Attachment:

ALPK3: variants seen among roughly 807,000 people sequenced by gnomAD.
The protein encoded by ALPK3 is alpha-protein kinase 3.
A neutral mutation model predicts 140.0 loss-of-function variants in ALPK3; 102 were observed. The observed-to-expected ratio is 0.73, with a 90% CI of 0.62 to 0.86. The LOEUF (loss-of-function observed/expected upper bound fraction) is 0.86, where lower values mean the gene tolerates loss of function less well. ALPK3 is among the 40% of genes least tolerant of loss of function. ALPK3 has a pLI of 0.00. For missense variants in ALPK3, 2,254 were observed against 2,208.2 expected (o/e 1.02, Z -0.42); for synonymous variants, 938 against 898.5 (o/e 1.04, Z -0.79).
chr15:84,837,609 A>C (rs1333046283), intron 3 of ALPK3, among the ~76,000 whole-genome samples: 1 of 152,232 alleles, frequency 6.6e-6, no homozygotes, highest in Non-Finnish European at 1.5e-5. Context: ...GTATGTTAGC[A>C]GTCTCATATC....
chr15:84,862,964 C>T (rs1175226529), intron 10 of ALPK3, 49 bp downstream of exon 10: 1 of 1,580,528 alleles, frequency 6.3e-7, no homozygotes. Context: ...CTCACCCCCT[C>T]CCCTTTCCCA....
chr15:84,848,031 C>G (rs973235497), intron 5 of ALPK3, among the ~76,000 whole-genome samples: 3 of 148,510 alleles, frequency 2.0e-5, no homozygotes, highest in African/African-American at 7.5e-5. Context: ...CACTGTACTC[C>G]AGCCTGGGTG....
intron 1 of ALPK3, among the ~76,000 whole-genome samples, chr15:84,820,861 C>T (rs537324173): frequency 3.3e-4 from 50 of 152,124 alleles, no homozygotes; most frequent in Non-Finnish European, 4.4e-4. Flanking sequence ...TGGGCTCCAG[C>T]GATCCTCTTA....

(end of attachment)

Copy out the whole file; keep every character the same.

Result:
ALPK3: variants seen among roughly 807,000 people sequenced by gnomAD.
The protein encoded by ALPK3 is alpha-protein kinase 3.
A neutral mutation model predicts 140.0 loss-of-function variants in ALPK3; 102 were observed. The observed-to-expected ratio is 0.73, with a 90% CI of 0.62 to 0.86. The LOEUF (loss-of-function observed/expected upper bound fraction) is 0.86, where lower values mean the gene tolerates loss of function less well. ALPK3 is among the 40% of genes least tolerant of loss of function. ALPK3 has a pLI of 0.00. For missense variants in ALPK3, 2,254 were observed against 2,208.2 expected (o/e 1.02, Z -0.42); for synonymous variants, 938 against 898.5 (o/e 1.04, Z -0.79).
chr15:84,837,609 A>C (rs1333046283), intron 3 of ALPK3, among the ~76,000 whole-genome samples: 1 of 152,232 alleles, frequency 6.6e-6, no homozygotes, highest in Non-Finnish European at 1.5e-5. Context: ...GTATGTTAGC[A>C]GTCTCATATC....
chr15:84,862,964 C>T (rs1175226529), intron 10 of ALPK3, 49 bp downstream of exon 10: 1 of 1,580,528 alleles, frequency 6.3e-7, no homozygotes. Context: ...CTCACCCCCT[C>T]CCCTTTCCCA....
chr15:84,848,031 C>G (rs973235497), intron 5 of ALPK3, among the ~76,000 whole-genome samples: 3 of 148,510 alleles, frequency 2.0e-5, no homozygotes, highest in African/African-American at 7.5e-5. Context: ...CACTGTACTC[C>G]AGCCTGGGTG....
intron 1 of ALPK3, among the ~76,000 whole-genome samples, chr15:84,820,861 C>T (rs537324173): frequency 3.3e-4 from 50 of 152,124 alleles, no homozygotes; most frequent in Non-Finnish European, 4.4e-4. Flanking sequence ...TGGGCTCCAG[C>T]GATCCTCTTA....